So, I looked at my list of DDs and saw the next one due is my mobile provider. I've checked my online account and for some reason they seem to have updated my sort code but not the account number, which may mean I'm hit with a £3.50 charge for paying by card rather than DD this month as it's now too late to correct the DD details. I will, of course, be challenging this out of principle.



So whilst there is a bank switch guarantee, it seems that this system remains flawed. The guarantee only covers you if your new bank screws up, but in my first experience of using the switching service (rather than doing it myself), half of the DDs to date have encountered problems due to the other party. I'm not convinced that the switching guarantee will cover this as it isn't the bank's fault, and I'm certain it would have been no use had I missed a payment entirely and been left with a late payment showing on my credit files.



The moral of the story - if you're using the current account switch service then:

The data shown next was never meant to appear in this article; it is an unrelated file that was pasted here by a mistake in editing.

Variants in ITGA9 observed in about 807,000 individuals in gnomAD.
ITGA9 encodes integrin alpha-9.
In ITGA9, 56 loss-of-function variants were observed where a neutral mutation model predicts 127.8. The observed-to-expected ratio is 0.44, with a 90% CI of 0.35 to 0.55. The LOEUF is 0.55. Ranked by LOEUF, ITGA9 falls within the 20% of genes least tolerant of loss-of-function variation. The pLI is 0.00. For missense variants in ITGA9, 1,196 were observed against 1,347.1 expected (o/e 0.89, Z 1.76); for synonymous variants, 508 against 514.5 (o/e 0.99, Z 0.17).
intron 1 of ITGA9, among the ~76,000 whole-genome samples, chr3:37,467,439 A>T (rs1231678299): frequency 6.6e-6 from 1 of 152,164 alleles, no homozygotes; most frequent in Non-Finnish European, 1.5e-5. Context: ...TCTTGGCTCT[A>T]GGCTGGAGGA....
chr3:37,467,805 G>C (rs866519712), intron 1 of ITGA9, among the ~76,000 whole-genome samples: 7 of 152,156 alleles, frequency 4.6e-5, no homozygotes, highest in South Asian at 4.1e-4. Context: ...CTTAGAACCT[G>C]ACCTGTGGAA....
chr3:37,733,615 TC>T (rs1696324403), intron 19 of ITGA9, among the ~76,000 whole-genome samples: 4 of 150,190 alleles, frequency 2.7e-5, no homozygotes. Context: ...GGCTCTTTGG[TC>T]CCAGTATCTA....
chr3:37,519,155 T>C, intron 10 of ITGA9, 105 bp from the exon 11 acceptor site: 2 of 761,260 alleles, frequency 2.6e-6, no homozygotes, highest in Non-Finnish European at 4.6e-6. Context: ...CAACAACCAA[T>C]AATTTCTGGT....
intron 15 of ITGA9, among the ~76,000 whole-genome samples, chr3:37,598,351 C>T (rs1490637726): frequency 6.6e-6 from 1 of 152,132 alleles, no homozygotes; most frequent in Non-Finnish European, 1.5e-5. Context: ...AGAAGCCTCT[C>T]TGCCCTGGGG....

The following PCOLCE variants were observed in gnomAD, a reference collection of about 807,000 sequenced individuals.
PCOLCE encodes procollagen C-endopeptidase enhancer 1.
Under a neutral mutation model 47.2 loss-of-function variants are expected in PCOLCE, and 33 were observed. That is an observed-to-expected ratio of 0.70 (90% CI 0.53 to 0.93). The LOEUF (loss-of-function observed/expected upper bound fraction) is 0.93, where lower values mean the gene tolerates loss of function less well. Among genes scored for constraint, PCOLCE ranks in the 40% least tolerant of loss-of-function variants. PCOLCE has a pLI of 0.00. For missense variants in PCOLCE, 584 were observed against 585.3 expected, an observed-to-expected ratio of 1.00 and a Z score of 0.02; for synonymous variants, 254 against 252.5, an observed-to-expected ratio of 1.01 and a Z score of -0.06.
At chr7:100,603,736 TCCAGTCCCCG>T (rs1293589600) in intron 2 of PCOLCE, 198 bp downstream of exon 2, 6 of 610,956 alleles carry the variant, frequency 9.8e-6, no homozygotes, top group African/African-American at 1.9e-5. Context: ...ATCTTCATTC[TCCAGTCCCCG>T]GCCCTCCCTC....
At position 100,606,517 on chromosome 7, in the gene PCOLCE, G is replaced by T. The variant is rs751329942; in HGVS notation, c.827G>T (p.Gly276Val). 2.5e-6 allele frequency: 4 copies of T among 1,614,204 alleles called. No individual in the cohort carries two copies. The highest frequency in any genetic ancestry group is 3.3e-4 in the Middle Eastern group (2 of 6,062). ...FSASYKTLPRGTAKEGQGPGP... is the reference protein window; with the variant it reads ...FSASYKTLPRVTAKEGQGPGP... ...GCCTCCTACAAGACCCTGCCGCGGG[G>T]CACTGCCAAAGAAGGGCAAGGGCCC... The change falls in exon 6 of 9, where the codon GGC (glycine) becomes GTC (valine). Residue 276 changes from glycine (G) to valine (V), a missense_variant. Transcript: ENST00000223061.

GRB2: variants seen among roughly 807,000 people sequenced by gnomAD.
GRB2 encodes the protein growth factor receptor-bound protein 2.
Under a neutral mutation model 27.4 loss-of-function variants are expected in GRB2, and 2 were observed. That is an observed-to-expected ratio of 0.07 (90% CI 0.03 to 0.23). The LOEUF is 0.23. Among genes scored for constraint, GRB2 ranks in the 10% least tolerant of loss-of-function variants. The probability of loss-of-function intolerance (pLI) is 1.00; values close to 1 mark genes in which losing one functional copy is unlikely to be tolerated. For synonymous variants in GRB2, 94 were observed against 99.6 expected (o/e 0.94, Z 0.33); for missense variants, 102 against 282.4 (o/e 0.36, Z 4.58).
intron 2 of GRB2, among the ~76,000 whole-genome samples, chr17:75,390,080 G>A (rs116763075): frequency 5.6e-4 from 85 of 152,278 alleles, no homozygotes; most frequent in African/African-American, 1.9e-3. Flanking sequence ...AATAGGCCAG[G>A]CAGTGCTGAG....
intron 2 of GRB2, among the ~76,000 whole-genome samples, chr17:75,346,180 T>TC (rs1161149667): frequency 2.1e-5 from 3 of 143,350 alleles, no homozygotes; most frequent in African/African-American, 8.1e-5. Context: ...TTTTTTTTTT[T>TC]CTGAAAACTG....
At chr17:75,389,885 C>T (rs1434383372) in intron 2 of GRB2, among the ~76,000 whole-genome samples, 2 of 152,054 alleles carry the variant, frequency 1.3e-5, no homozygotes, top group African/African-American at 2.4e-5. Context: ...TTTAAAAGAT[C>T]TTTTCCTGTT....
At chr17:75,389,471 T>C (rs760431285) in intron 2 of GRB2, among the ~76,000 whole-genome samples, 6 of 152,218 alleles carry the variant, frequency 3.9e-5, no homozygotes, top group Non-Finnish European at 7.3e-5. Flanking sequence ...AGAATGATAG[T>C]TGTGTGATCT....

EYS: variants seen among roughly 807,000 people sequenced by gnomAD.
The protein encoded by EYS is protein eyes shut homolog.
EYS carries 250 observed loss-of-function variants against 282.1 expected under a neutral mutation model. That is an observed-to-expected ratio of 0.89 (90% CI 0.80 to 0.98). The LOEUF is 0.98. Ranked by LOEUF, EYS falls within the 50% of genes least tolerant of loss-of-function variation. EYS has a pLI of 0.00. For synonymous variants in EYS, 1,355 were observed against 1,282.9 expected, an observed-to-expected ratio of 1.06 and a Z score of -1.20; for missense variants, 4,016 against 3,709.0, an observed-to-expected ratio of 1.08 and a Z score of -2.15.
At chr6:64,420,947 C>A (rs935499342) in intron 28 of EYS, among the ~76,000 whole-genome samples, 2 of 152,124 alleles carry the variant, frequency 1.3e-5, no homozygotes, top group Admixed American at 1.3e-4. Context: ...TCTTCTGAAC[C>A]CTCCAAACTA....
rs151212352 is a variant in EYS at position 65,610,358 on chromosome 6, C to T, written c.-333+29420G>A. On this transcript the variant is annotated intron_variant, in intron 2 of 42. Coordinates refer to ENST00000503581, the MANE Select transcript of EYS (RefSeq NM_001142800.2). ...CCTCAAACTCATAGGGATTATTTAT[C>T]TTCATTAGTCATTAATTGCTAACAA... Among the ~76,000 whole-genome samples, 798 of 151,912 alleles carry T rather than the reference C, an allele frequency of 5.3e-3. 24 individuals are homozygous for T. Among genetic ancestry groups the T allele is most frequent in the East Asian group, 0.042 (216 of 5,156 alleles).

1. Make sure your switch happens during a period you don't have any DDs due for a week, if possible

2. Make a note of all payment due dates, and check the money has actually gone out on every occasion that it should

3. Pro-actively check with companies that should be paid by DD that your details have been updated correctly as soon as the switch is completed

#2
Thanks for taking the time to post this info



my understanding is that you should be able to claim the £3.50 back and any other that you have to pay using the direct debit switch guarantee i e by contacting in your new bank and asking them to give it yo you under the terms of the guarantee

#3